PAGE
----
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Colonial and State Records of North Carolina
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Letter from William Hooper, Joseph Hewes, and John Penn to Cornelius Harnett
Hooper, William, 1742-1790; Hewes, Joseph, 1730-1779; Penn, John, 1740 or 1-1788
August 02, 1776
Volume 10, Pages 718-722

[From MS. Records in Office of Secretary of State.]
Letter from the North Carolina Delegates in the Continental Congress to the Provincial Council of Safety.

Honoured Sir,

Permit us, thro' you, to address the honourable body in which you preside, and inform them that we were favoured with their two last letters by Mr Hooper, and have seized the earliest, and most probable method to carry the contents of them into execution. We have stated to the continental congress, with all the energy we are

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capable of, the present distressed and necessitous state of our Province, and the means which may tend most effectually to relieve it. We have been as fortunate as your most Sanguine expectations, and the inclosed Resolve will convince you, that North Carolina bears no inconsiderable weight in the favour of the Continental Congress. The readiness which they discover upon all occasions to comply with the just requisitions of our State, evince that they entertain a grateful sense of our patriotick exertion, & wish to furnish to us every inducement to persist in a conduct from which we have to expect liberty, peace and happiness.

In addition to the several articles which you recommended to our care, We have bestowed our Thoughts upon the subject of procuring Cloaths for our Troops. Men as prompt as they are, to encounter every difficulty and danger, deserve every comfort and convenience that from the present pittance of Stores can be procured for them in this part of the Continent. The Soldiers raised here not from any advantages which they derived from nature in point of appearance, but from being decently clad, and covered from the Inclemency of the Sun & Rain, shew themselves to great advantage, & rival regular Troops in decency and cleanliness, whilst ours with scarce a shirt to their Backs, feel forcibly the effects of poverty, they become dispirited from neglect, & feel an indifference to a service which so sparingly recompenses the exertions of those who fight for it, and brave every danger to protect the liberties of their Country. (Aware of the difficulty of procuring Cloathing in Carolina, We have prevailed upon the Congress to send a supply from this, & by their direction have this day employed one of the continental Commissaries to have made up for them as many Cloth Short Coats, Breeches, Stockings Shoes and Shirts as may tend to relieve their urgent wants & prepare them to meet the Weather when it becomes less favourable to their present destitute Situation. It will take some time to collect the materials & have them made up for use, but be assured nothing shall be wanting to urge to completion this necessary business, & to forward the articles as soon as they are in readiness.) We shall not omit to send Hats, if besides these you should think proper to order Canteens, Cartouch boxes or any other military appendage, (Arms excepted), We shall pay a punctual Obedience to such orders, Arms not being to be procured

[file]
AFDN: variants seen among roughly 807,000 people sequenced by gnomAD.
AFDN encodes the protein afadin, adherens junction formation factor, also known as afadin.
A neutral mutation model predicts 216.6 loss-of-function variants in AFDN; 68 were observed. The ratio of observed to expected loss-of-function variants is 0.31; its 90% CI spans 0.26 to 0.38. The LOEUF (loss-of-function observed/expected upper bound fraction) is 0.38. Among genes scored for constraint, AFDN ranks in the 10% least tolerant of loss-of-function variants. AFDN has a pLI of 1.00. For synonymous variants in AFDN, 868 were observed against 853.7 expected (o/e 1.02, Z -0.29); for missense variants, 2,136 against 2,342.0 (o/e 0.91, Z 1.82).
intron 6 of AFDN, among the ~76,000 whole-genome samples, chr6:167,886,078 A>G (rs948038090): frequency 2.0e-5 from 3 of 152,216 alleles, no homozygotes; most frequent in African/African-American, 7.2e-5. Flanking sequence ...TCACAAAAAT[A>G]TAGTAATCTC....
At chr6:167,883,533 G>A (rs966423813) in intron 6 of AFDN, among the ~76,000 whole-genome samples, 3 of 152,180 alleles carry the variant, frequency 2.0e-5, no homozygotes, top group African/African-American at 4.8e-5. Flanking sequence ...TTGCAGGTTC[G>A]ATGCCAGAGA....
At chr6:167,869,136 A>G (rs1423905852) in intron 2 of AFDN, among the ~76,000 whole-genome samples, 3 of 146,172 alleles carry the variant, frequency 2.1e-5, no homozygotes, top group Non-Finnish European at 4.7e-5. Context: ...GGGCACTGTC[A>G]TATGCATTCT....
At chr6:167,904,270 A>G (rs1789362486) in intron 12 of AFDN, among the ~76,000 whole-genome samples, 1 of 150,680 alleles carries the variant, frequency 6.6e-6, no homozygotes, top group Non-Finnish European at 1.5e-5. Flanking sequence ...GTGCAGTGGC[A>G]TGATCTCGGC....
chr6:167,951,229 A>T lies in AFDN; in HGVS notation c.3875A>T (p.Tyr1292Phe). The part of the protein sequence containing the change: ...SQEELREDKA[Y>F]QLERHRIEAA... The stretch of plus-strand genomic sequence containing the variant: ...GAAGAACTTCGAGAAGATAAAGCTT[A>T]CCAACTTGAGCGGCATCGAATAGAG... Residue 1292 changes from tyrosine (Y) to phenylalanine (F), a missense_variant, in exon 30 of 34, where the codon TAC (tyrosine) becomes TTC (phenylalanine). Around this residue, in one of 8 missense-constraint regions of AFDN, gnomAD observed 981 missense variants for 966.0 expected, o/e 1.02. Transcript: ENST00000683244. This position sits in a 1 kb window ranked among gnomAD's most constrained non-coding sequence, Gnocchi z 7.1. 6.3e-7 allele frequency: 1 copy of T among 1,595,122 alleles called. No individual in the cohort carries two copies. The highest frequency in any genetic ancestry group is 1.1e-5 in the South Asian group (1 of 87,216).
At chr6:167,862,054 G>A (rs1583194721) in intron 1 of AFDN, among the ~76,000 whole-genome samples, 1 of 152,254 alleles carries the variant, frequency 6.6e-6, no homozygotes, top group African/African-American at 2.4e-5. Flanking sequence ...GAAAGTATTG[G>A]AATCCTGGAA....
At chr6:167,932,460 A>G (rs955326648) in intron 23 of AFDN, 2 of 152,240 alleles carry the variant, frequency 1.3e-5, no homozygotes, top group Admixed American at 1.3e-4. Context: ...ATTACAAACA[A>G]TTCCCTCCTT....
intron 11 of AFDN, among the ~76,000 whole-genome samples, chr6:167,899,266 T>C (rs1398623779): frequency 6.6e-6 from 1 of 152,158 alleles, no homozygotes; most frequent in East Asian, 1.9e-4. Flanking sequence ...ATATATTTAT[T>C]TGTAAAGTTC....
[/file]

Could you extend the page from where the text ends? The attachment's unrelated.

The 4 Tons of Gunpowder mentioned in the resolve inclosed will be forwarded as soon as Waggons and Horses can be purchased. In

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this we have made some advances & we hope in a few days to have this necessary Article in motion.

The field pieces cannot at present be had. No pains have been spared to procure such as would answer our purpose, but we have not been able in the publick stores or in private hands to find any. We must wait the contingency of the arrival of Vessels with stores, & it will be among the first objects to minister in this respect to the defence of North Carolina.